Children with type 1 diabetes mellitus who use insulin pumps are at a lower risk for ketoacidosis and severe hypoglycemia, compared with those receiving insulin by injection, according to a population-based cohort study from the University of Ulm, Germany.
The study participants were all younger than 20 years of age and were divided into the following groups for data analysis: 1.5-5 years; 6-10 years; 11-15 years; or 16-19 years.
The study evaluated both primary and secondary outcomes to analyze the effectiveness of insulin pumps vs. traditional insulin injections. The primary outcomes were the rates of ketoacidosis and hypoglycemia severe enough to require assistance from another person to administer intravenous carbohydrates or induce hypoglycemic coma. The secondary outcomes were serum levels of glycated hemoglobin (HbA1c), daily insulin dose, prandial to total insulin ratio, frequency of self-monitoring blood glucose level, and body mass index, according to Beate Karges, MD, of the University of Aachen (Germany), Division of Endocrinology and Diabetes, and her colleagues.
After applying selection criteria, 30,579 patients treated for type 1 diabetes were selected for analysis. Of the 30,579, a 1 to 1 matched cohort of 19,628 patients, split into equal sized groups, was created for propensity score analysis to compare the effect of treatment between insulin pumps and injects. The matched cohort was also included in the entire cohort for another propensity score analysis. Of the entire 30,579 patients, 14,119 used pump therapy and 16,460 used traditional daily insulin injections.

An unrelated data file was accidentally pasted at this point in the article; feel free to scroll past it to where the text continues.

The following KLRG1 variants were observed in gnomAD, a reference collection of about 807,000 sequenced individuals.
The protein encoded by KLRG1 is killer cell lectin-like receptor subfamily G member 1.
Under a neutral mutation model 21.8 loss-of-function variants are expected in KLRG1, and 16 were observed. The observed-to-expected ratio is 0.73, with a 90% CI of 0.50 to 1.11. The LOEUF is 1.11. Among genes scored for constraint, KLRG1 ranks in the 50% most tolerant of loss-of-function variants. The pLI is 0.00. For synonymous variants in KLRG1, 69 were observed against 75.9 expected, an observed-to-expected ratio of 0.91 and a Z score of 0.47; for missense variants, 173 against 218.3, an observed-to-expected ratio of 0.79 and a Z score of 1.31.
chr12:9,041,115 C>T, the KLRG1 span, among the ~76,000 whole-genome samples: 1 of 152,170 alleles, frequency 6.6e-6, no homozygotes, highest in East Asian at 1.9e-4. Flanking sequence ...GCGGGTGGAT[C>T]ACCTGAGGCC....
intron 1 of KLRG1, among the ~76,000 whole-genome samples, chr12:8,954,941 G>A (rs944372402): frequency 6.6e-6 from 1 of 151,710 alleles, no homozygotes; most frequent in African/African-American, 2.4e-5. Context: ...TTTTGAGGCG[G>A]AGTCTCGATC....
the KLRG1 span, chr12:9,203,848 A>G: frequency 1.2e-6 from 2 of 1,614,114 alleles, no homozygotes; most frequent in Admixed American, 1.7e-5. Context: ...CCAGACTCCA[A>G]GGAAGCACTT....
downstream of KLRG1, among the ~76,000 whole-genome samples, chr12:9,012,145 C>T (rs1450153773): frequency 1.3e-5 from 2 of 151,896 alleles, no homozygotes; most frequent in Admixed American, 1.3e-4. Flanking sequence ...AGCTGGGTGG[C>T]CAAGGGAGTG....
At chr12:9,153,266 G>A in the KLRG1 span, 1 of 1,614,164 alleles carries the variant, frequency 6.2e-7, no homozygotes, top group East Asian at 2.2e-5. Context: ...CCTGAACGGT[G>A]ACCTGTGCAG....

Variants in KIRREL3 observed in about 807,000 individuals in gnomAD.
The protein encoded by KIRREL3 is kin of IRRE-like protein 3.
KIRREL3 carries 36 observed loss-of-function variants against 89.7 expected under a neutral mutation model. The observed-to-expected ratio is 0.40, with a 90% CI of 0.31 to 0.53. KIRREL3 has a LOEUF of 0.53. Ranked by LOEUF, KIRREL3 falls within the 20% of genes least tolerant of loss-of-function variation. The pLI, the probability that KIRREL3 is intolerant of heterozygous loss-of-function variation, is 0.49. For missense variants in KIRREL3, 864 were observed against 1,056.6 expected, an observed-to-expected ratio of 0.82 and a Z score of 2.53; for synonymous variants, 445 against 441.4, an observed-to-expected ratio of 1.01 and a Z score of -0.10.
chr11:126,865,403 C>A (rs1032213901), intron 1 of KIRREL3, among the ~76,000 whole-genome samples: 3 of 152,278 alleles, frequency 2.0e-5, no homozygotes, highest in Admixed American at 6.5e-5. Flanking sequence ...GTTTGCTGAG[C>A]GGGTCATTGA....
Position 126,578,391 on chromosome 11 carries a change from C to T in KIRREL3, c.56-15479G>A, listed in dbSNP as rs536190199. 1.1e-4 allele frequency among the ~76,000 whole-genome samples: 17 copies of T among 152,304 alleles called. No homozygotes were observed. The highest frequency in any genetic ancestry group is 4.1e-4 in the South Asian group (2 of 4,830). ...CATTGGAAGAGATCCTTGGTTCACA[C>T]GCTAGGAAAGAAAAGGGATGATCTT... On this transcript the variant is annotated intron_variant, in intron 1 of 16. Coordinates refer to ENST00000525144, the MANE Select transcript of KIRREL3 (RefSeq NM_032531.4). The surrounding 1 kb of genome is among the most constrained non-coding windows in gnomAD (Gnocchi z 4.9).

In the matched cohort, event rates for both severe hypoglycemia and hypoglycemic coma were much lower with insulin pumps than with traditional insulin injections (9.55 vs. 13.97 per 100 patient-years and 2.30 vs. 2.96 per 100 patient-years, respectively). The pattern of pump therapy lowering rates of severe hypoglycemia and hypoglycemic coma was observed in entire cohort as well, according to the investigators (JAMA. 2017 Oct 10;318:1358-66).
Similar results were observed in the matched cohort for ketoacidosis rates. Patients using insulin pump therapy exhibited much lower rates of ketoacidosis (2.29 vs 2.80 per 100 patient-years). The pattern of pump therapy lowering rates of severe hypoglycemia and hypoglycemic coma was observed in the entire cohort as well.
The secondary outcomes of the matched cohort did not share as consistent a pattern as the primary outcomes. HbA1c levels were lower in pump users (8.04% vs. 8.22%). Total daily insulin doses were lower in pump users, but the prandial to total insulin ratio was higher. Daily frequency of self-monitoring blood glucose level was also elevated in pump users.
“These findings provide evidence for improved clinical outcomes associated with insulin pump therapy, compared with injection therapy, in children, adolescents, and young adults with type 1 diabetes,” Dr. Karges and her colleagues wrote.
The study was funded by both the Competence Network Diabetes Mellitus and the German Center for Diabetes Research. Thomas Kapellen, MD, had received funding from the European Commission concerning closed-loop systems as well as speaking fees for pharmaceuticals companies including Abbott, Medtronic, and Novo Nordisk. No other authors reported financial conflicts.